I sat beside my love in a wooden pew and watched our two friends say their vows this weekend. The pastor who married them spoke about the dynamic of marriage through an analogy of three tables.
The first is the dining table—surrounded by more that two chairs; requiring more than the presence of a bride and groom. The significance is that a marriage requires community. Periodically, guests should occupy these extra chairs, engaging in conversation, but ultimately, engaging in each other’s lives. Marriage is not intended to isolate a couple. Marriage should teach us how to press deeper into community through serving others and seeking wise counsel through intentionally welcoming the company of others.
The second table is the common table, or the breakfast table. This is where life takes place. It is essentially where everything happens, though it may seem like nothing is happening. It is where you sit across each other for coffee in the morning, and dinner in the evening. It’s where you’ll laugh over your first culinary catastrophe; where the small-talk and serious talks takes place; where messes are made and messes are cleaned. It’s where the mundane becomes a collection of moments that add up to the life you make together.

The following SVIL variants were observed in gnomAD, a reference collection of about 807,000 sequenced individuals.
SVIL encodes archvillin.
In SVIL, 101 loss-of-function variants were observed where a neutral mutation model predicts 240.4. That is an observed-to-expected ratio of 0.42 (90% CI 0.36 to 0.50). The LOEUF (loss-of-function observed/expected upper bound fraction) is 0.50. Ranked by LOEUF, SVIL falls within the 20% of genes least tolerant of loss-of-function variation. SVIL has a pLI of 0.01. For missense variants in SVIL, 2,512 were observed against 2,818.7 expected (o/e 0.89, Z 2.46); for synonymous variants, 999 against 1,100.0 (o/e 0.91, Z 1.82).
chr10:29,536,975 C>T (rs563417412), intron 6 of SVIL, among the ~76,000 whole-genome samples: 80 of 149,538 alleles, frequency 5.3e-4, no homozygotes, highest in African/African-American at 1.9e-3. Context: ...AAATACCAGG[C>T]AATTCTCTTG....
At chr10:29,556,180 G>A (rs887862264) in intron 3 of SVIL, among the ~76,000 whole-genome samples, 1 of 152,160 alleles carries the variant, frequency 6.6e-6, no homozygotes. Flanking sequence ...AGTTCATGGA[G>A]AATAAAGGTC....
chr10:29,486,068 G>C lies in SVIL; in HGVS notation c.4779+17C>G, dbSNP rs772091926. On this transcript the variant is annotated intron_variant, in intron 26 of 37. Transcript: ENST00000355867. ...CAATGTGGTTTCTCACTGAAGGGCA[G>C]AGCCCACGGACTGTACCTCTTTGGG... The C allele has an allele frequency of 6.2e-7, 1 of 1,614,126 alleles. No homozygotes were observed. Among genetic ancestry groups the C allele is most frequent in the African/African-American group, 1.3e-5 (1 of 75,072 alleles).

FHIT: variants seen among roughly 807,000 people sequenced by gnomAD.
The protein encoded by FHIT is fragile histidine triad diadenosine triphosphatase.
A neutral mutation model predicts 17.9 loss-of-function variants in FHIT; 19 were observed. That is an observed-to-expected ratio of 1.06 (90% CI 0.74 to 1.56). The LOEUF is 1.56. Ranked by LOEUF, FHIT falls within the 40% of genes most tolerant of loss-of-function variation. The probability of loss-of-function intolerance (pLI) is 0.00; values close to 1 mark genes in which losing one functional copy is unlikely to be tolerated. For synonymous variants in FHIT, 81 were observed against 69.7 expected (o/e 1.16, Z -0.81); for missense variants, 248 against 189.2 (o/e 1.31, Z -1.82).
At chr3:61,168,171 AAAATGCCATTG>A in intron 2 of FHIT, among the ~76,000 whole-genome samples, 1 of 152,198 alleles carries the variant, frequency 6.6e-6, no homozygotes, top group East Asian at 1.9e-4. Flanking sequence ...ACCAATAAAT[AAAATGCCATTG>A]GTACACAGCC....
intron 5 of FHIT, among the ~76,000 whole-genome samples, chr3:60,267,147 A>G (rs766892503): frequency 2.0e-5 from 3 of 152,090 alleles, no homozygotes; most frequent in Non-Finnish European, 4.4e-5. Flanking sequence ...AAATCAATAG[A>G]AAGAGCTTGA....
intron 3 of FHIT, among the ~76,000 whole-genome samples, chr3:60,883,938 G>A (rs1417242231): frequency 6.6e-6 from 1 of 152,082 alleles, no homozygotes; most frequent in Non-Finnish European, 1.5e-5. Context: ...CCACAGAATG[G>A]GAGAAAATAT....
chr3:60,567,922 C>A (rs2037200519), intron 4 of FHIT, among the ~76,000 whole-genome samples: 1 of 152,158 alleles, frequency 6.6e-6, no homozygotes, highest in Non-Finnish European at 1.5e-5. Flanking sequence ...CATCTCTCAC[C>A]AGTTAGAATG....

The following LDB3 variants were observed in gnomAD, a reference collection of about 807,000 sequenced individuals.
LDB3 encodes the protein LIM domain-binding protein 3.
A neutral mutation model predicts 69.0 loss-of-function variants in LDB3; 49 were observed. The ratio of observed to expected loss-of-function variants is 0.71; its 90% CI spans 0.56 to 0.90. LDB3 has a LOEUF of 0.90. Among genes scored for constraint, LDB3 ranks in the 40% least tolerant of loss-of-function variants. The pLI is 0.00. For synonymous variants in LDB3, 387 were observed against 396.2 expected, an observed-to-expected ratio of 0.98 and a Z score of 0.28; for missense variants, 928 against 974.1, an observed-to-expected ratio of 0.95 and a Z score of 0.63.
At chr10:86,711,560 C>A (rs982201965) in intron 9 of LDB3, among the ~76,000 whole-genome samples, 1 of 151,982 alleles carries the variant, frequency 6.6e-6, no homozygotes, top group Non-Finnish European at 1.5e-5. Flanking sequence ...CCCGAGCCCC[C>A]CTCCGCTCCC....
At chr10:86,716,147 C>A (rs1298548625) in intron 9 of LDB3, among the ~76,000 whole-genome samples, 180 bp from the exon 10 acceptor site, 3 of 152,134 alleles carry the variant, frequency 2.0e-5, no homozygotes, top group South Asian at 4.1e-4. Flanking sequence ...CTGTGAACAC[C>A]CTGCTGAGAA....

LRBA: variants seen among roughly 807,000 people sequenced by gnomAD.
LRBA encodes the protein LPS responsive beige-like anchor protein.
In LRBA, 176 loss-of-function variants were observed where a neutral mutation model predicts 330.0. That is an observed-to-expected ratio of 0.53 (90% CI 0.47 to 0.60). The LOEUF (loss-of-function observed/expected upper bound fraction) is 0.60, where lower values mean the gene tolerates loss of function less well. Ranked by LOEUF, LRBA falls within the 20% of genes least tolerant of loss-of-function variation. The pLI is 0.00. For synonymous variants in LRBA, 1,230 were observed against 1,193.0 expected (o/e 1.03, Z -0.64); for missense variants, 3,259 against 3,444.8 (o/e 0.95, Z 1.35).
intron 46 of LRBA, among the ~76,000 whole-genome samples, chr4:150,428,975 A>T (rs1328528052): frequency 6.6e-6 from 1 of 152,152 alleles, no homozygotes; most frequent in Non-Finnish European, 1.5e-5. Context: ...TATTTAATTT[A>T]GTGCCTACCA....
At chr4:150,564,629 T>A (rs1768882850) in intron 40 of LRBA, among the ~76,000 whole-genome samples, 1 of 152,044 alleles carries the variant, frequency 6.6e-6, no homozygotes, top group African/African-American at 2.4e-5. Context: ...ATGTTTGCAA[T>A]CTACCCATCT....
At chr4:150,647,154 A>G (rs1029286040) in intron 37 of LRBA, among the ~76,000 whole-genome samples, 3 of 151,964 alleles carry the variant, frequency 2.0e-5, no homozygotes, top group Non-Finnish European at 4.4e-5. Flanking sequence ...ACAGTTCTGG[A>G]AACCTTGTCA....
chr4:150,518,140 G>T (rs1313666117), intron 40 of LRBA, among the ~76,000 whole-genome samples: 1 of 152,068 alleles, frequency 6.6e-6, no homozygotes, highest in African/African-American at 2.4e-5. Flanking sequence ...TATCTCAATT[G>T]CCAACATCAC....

The third table is the most important dynamic within a marriage. It’s the table of the Lord’s supper where you both take communion. It is here where you both are humbled and needy—undeserving, but ever-desperate for the daily mercies to partake in the grace of the Lord that frees you both from the selfishness that threatens a marriage’s joy. It is here that you are both reconciled to God through Jesus and thus reconciled to each other—renewed by his faithfulness and reminded of your individual identities that are secure in his truth. This table is where you remember that as Christ was taken, broken, and given for both of you, so you should each be emptied for one another.
My love for the imagery of tables deepens, widens, and intensifies.